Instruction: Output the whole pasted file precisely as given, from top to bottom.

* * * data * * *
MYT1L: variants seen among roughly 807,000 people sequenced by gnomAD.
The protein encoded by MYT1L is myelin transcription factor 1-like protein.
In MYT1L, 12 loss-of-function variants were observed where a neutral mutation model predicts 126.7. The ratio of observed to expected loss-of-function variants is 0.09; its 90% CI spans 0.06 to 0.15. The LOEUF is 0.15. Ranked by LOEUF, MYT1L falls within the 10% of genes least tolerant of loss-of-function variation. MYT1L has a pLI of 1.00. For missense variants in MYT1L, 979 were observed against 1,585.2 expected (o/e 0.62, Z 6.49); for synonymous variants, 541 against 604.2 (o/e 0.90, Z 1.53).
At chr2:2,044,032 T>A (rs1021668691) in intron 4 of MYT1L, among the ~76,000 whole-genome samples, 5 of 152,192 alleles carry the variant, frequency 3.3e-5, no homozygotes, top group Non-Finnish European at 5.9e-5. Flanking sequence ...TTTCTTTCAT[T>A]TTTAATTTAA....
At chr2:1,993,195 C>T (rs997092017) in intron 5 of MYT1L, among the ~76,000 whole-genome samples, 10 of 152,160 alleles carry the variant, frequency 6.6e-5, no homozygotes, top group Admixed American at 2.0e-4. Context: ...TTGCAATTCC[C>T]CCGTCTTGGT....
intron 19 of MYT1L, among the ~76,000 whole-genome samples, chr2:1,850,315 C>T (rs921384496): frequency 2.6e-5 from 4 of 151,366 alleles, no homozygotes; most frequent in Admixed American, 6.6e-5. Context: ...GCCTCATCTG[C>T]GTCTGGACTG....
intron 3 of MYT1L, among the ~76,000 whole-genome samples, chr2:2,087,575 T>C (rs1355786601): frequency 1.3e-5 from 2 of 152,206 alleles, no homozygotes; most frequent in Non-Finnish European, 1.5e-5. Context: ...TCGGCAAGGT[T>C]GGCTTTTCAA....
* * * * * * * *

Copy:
MYT1L: variants seen among roughly 807,000 people sequenced by gnomAD.
The protein encoded by MYT1L is myelin transcription factor 1-like protein.
In MYT1L, 12 loss-of-function variants were observed where a neutral mutation model predicts 126.7. The ratio of observed to expected loss-of-function variants is 0.09; its 90% CI spans 0.06 to 0.15. The LOEUF is 0.15. Ranked by LOEUF, MYT1L falls within the 10% of genes least tolerant of loss-of-function variation. MYT1L has a pLI of 1.00. For missense variants in MYT1L, 979 were observed against 1,585.2 expected (o/e 0.62, Z 6.49); for synonymous variants, 541 against 604.2 (o/e 0.90, Z 1.53).
At chr2:2,044,032 T>A (rs1021668691) in intron 4 of MYT1L, among the ~76,000 whole-genome samples, 5 of 152,192 alleles carry the variant, frequency 3.3e-5, no homozygotes, top group Non-Finnish European at 5.9e-5. Flanking sequence ...TTTCTTTCAT[T>A]TTTAATTTAA....
At chr2:1,993,195 C>T (rs997092017) in intron 5 of MYT1L, among the ~76,000 whole-genome samples, 10 of 152,160 alleles carry the variant, frequency 6.6e-5, no homozygotes, top group Admixed American at 2.0e-4. Context: ...TTGCAATTCC[C>T]CCGTCTTGGT....
intron 19 of MYT1L, among the ~76,000 whole-genome samples, chr2:1,850,315 C>T (rs921384496): frequency 2.6e-5 from 4 of 151,366 alleles, no homozygotes; most frequent in Admixed American, 6.6e-5. Context: ...GCCTCATCTG[C>T]GTCTGGACTG....
intron 3 of MYT1L, among the ~76,000 whole-genome samples, chr2:2,087,575 T>C (rs1355786601): frequency 1.3e-5 from 2 of 152,206 alleles, no homozygotes; most frequent in Non-Finnish European, 1.5e-5. Context: ...TCGGCAAGGT[T>C]GGCTTTTCAA....